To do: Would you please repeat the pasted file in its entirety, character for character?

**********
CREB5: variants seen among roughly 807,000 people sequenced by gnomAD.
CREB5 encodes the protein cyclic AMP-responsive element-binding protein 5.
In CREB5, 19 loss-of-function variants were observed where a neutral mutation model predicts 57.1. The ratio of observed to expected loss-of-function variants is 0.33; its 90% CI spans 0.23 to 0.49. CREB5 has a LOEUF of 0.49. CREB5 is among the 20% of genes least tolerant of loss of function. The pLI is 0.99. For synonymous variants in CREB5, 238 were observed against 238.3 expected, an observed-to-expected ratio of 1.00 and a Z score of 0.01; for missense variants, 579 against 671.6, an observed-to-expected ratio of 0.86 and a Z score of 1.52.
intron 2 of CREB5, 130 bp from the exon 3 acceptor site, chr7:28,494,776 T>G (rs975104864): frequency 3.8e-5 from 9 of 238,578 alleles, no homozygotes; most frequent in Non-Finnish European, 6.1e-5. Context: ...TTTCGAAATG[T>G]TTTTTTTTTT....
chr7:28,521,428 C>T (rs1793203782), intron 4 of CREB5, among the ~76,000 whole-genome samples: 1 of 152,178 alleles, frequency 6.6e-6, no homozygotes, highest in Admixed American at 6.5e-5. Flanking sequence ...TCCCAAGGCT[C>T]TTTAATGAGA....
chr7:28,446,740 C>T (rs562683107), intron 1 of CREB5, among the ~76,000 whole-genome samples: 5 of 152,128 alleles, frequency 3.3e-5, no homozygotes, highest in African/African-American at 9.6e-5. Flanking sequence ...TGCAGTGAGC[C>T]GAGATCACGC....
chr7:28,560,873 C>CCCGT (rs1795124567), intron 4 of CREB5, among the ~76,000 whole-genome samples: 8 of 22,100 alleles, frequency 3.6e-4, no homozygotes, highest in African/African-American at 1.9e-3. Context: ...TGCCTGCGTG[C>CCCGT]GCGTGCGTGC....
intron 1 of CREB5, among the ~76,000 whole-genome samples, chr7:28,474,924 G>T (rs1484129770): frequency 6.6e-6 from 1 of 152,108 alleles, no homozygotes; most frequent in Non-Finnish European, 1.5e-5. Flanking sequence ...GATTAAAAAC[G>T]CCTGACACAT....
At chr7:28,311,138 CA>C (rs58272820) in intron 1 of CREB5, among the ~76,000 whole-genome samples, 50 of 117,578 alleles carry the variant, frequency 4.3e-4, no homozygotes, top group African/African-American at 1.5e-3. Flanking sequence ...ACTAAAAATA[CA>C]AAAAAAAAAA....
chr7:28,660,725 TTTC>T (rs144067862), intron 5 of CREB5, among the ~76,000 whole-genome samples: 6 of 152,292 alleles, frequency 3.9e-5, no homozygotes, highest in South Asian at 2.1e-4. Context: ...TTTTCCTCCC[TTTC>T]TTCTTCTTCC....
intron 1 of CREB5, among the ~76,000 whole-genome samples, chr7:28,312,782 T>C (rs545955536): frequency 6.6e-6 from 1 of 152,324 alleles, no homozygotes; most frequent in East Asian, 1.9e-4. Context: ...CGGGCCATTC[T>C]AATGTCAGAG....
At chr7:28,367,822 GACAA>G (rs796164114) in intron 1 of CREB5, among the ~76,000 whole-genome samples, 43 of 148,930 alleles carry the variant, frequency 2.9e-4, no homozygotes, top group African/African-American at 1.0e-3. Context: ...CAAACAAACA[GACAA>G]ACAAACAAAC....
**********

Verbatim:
CREB5: variants seen among roughly 807,000 people sequenced by gnomAD.
CREB5 encodes the protein cyclic AMP-responsive element-binding protein 5.
In CREB5, 19 loss-of-function variants were observed where a neutral mutation model predicts 57.1. The ratio of observed to expected loss-of-function variants is 0.33; its 90% CI spans 0.23 to 0.49. CREB5 has a LOEUF of 0.49. CREB5 is among the 20% of genes least tolerant of loss of function. The pLI is 0.99. For synonymous variants in CREB5, 238 were observed against 238.3 expected, an observed-to-expected ratio of 1.00 and a Z score of 0.01; for missense variants, 579 against 671.6, an observed-to-expected ratio of 0.86 and a Z score of 1.52.
intron 2 of CREB5, 130 bp from the exon 3 acceptor site, chr7:28,494,776 T>G (rs975104864): frequency 3.8e-5 from 9 of 238,578 alleles, no homozygotes; most frequent in Non-Finnish European, 6.1e-5. Context: ...TTTCGAAATG[T>G]TTTTTTTTTT....
chr7:28,521,428 C>T (rs1793203782), intron 4 of CREB5, among the ~76,000 whole-genome samples: 1 of 152,178 alleles, frequency 6.6e-6, no homozygotes, highest in Admixed American at 6.5e-5. Flanking sequence ...TCCCAAGGCT[C>T]TTTAATGAGA....
chr7:28,446,740 C>T (rs562683107), intron 1 of CREB5, among the ~76,000 whole-genome samples: 5 of 152,128 alleles, frequency 3.3e-5, no homozygotes, highest in African/African-American at 9.6e-5. Flanking sequence ...TGCAGTGAGC[C>T]GAGATCACGC....
chr7:28,560,873 C>CCCGT (rs1795124567), intron 4 of CREB5, among the ~76,000 whole-genome samples: 8 of 22,100 alleles, frequency 3.6e-4, no homozygotes, highest in African/African-American at 1.9e-3. Context: ...TGCCTGCGTG[C>CCCGT]GCGTGCGTGC....
intron 1 of CREB5, among the ~76,000 whole-genome samples, chr7:28,474,924 G>T (rs1484129770): frequency 6.6e-6 from 1 of 152,108 alleles, no homozygotes; most frequent in Non-Finnish European, 1.5e-5. Flanking sequence ...GATTAAAAAC[G>T]CCTGACACAT....
At chr7:28,311,138 CA>C (rs58272820) in intron 1 of CREB5, among the ~76,000 whole-genome samples, 50 of 117,578 alleles carry the variant, frequency 4.3e-4, no homozygotes, top group African/African-American at 1.5e-3. Flanking sequence ...ACTAAAAATA[CA>C]AAAAAAAAAA....
chr7:28,660,725 TTTC>T (rs144067862), intron 5 of CREB5, among the ~76,000 whole-genome samples: 6 of 152,292 alleles, frequency 3.9e-5, no homozygotes, highest in South Asian at 2.1e-4. Context: ...TTTTCCTCCC[TTTC>T]TTCTTCTTCC....
intron 1 of CREB5, among the ~76,000 whole-genome samples, chr7:28,312,782 T>C (rs545955536): frequency 6.6e-6 from 1 of 152,324 alleles, no homozygotes; most frequent in East Asian, 1.9e-4. Context: ...CGGGCCATTC[T>C]AATGTCAGAG....
At chr7:28,367,822 GACAA>G (rs796164114) in intron 1 of CREB5, among the ~76,000 whole-genome samples, 43 of 148,930 alleles carry the variant, frequency 2.9e-4, no homozygotes, top group African/African-American at 1.0e-3. Context: ...CAAACAAACA[GACAA>G]ACAAACAAAC....